Rev. Timothy B. Tutt
United Church of Christ
Sunday, November 16, 2014
Stewardship/Nominations Commitment Sunday
“Playing Poker in Church”
“For it is as if a man, going on a journey, summoned his slaves and entrusted his property to them; to one he gave five talents, to another two, to another one, to each according to his ability. Then he went away. The one who had received the five talents went off at once and traded with them, and made five more talents.In the same way, the one who had the two talents made two more talents. But the one who had received the one talent went off and dug a hole in the ground and hid his master’s money. After a long time the master of those slaves came and settled accounts with them. Then the one who had received the five talents came forward, bringing five more talents, saying, ‘Master, you handed over to me five talents; see, I have made five more talents.’ His master said to him, ‘Well done, good and trustworthy slave; you have been trustworthy in a few things, I will put you in charge of many things; enter into the joy of your master.’ And the one with the two talents also came forward, saying, ‘Master, you handed over to me two talents; see, I have made two more talents.’ His master said to him, ‘Well done, good and trustworthy slave; you have been trustworthy in a few things, I will put you in charge of many things; enter into the joy of your master.’ Then the one who had received the one talent also came forward, saying, ‘Master, I knew that you were a harsh man, reaping where you did not sow, and gathering where you did not scatter seed; so I was afraid, and I went and hid your talent in the ground. Here you have what is yours.’ But his master replied, ‘You wicked and lazy slave! You knew, did you, that I reap where I did not sow, and gather where I did not scatter? Then you ought to have invested my money with the bankers, and on my return I would have received what was my own with interest. So take the talent from him, and give it to the one with the ten talents. For to all those who have, more will be given, and they will have an abundance; but from those who have nothing, even what they have will be taken away. As for this worthless slave, throw him into the outer darkness, where there will be weeping and gnashing of teeth.’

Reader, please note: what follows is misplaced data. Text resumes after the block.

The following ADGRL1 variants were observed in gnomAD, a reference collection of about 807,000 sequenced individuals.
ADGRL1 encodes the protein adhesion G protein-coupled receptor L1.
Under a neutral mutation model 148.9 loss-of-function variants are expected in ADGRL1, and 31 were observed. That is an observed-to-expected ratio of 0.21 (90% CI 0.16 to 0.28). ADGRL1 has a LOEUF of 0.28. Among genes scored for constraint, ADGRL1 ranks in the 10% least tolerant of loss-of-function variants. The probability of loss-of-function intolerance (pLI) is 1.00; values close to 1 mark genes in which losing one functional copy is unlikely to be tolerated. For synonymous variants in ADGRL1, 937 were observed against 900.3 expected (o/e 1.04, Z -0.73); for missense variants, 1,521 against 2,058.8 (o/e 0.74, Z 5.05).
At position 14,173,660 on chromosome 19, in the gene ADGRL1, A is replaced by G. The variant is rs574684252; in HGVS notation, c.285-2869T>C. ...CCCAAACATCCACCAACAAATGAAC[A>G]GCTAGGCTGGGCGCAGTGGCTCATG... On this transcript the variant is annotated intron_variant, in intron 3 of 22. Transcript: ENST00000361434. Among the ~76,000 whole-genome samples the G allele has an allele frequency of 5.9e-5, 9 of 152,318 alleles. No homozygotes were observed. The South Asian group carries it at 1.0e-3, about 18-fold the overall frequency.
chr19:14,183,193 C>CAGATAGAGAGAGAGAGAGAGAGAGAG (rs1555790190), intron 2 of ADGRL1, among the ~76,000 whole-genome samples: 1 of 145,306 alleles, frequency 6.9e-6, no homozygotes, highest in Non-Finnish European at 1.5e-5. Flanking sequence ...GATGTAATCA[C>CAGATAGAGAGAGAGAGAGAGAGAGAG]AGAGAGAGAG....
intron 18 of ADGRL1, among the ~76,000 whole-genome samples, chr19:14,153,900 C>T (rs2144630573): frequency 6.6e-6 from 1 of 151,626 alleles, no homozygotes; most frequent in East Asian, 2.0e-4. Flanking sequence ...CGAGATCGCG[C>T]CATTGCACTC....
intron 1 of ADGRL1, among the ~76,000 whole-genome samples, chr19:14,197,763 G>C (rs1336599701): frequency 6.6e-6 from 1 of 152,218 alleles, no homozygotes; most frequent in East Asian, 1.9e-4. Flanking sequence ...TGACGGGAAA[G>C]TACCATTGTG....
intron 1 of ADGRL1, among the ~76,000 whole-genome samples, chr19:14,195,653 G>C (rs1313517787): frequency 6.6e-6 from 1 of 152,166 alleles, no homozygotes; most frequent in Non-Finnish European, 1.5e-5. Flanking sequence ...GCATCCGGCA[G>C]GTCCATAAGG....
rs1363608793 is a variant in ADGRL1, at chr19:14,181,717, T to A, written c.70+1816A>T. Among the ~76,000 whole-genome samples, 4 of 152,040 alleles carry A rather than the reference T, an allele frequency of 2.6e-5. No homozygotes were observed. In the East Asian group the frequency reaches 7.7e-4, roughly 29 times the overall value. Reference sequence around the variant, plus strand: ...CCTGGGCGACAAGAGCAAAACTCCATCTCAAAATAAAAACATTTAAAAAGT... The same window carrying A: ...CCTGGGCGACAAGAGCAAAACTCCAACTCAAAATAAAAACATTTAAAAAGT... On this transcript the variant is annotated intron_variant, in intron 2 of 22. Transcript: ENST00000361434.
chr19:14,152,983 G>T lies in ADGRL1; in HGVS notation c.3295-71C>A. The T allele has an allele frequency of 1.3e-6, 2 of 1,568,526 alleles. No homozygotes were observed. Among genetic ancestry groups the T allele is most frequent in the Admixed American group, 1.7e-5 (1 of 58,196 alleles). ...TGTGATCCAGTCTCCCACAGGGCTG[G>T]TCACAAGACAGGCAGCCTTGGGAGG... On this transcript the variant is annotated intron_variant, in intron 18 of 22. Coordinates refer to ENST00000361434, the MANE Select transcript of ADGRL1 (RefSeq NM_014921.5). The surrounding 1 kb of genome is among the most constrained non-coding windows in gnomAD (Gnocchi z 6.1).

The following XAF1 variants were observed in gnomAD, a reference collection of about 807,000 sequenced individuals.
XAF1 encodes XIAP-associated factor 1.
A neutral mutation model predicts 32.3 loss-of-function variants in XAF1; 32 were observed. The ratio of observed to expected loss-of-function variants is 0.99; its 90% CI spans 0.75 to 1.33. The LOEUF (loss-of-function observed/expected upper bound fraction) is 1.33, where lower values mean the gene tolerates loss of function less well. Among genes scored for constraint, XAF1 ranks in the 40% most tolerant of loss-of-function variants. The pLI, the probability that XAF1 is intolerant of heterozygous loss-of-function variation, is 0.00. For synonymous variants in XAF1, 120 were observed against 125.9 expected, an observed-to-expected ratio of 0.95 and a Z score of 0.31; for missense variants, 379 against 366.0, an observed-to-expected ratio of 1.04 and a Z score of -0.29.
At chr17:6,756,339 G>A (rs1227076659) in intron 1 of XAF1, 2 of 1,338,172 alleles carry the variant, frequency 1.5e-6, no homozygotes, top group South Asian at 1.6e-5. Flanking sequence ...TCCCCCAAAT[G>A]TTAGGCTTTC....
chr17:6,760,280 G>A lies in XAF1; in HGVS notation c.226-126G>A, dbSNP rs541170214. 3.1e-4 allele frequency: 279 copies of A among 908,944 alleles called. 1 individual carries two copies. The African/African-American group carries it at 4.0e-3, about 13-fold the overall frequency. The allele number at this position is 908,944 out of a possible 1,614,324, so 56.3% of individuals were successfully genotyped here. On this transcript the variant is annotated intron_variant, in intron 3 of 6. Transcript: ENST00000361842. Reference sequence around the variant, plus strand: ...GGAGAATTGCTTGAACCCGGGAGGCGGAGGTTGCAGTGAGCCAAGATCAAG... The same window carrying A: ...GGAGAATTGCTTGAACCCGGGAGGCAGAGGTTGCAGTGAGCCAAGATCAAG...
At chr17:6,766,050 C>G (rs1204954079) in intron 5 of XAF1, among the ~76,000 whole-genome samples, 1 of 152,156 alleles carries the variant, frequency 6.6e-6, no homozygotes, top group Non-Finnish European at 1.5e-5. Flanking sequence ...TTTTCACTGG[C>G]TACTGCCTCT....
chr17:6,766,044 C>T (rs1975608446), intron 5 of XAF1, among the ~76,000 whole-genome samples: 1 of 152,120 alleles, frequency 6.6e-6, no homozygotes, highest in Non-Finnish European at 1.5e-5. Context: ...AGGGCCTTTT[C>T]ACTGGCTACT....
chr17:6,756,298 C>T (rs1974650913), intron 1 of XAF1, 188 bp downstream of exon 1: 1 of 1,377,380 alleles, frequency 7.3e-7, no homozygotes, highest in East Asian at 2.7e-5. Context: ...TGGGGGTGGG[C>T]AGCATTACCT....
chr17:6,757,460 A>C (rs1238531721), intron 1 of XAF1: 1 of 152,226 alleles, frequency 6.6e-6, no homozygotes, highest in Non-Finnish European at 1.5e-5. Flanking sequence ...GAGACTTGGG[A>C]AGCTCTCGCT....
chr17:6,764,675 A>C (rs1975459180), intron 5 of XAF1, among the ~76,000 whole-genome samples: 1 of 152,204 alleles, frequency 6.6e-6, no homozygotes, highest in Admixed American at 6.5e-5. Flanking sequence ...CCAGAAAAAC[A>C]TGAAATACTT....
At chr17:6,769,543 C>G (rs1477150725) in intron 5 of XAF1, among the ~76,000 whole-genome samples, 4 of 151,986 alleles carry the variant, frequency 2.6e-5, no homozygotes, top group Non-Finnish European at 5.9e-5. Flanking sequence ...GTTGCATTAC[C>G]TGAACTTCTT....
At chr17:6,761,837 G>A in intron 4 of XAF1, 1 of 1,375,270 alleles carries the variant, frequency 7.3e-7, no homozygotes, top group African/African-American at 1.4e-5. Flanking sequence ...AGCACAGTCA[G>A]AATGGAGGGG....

Sometimes I wonder why we are here. Why are we here on Sunday mornings? Why does the Christian church continue to gather week after week singing, “Praise God from who all blessings flow…” when we work our fingers to the bone day in and day out trying to prove those words to be untrue? We live in a society and a time that says, “Blessings come, not from God, but from our personal hard work. Blessings derive from a good education. Blessings are the work of our clever minds toiling away 60 hours a week.” Why do we gather to pray, “Forgive us our debts as we forgive our debtors…” when we continue to not forgive and certainly not forget? Why do we proclaim these words from the Bible that “God is Spirit, Truth and Love,” when we wouldn’t recognize the Holy Spirit if she showed up at church in a ball gown with the words “Holy Spirit” emblazened on her forehead in rhinestones? Why speak of Truth, when we buy into falsehoods of power and greed? Why speak of Love when we allow hundreds of people to be shot in the streets of our cities and thousands to die on the field of battle and we do nothing. Where is Love in that?
Why don’t we just give up and go to Starbucks on Sunday mornings?
I have atheist friends, and I have agnostic friends, but more than that, I have “meh” friends, people who have not outright denied God, people who don’t reject the faith, but people who just don’t care. People who are jaded or bored by traditional religion and so the best they can muster is a half-hearted “meh” in response to it all.
When I hear part of this scripture reading this morning I understand their disenchantment. Here is Matthew telling a story in the voice of Jesus that pictures God roaring like thunder, “To those who have much, more will be given… but from those who have nothing, even what they have will be taken away. And worthless people are tossed into outer darkness.”
That is not an image of God that appeals to me. This image of God seems harsh and judgmental and ultimately cruel. This is a God who expects all A’s on our religious report card and perfect choices from us at every turn.